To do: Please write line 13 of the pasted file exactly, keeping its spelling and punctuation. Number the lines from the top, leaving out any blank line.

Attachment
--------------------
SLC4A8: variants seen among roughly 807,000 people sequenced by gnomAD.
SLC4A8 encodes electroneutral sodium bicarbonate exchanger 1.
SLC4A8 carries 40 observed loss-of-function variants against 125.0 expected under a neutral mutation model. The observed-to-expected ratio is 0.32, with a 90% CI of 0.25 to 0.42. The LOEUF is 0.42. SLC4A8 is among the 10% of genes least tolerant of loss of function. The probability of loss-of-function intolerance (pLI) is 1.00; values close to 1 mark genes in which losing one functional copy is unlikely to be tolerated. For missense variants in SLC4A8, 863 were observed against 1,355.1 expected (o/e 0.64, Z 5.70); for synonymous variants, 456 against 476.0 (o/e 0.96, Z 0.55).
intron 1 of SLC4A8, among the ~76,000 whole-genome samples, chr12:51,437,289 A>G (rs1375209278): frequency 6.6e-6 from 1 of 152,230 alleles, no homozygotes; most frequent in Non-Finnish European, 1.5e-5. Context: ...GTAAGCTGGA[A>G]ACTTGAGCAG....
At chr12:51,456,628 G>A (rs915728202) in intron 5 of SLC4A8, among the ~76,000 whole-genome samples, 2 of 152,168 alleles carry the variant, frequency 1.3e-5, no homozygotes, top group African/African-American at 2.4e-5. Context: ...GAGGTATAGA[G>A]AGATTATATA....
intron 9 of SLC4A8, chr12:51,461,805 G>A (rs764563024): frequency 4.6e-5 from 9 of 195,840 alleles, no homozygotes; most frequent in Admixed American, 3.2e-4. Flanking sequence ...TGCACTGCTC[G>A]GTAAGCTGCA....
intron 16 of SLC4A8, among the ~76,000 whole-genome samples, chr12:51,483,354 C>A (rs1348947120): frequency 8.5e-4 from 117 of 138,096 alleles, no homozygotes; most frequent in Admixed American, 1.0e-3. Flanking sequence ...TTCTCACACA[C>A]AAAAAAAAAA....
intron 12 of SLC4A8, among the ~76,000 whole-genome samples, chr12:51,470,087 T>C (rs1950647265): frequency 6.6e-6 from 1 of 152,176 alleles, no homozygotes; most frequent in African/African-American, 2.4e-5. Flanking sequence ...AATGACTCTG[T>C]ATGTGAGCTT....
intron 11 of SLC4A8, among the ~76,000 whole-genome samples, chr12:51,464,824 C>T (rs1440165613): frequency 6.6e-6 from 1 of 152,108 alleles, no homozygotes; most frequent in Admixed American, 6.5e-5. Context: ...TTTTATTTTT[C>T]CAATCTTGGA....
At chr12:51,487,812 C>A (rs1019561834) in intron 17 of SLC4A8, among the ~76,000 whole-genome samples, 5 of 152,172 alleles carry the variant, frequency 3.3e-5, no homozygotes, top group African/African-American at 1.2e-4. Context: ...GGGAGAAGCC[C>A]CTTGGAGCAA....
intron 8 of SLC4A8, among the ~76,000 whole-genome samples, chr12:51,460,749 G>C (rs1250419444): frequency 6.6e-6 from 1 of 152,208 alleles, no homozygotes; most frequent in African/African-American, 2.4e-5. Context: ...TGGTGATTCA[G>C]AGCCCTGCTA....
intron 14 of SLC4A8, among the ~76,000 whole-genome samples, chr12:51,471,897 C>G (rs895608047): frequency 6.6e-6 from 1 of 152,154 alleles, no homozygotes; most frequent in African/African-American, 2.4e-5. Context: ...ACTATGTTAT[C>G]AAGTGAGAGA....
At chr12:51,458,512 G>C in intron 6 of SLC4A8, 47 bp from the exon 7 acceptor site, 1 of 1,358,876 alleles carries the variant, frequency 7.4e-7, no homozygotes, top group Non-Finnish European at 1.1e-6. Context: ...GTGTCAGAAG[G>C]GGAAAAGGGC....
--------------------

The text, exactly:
At chr12:51,458,512 G>C in intron 6 of SLC4A8, 47 bp from the exon 7 acceptor site, 1 of 1,358,876 alleles carries the variant, frequency 7.4e-7, no homozygotes, top group Non-Finnish European at 1.1e-6. Context: ...GTGTCAGAAG[G>C]GGAAAAGGGC....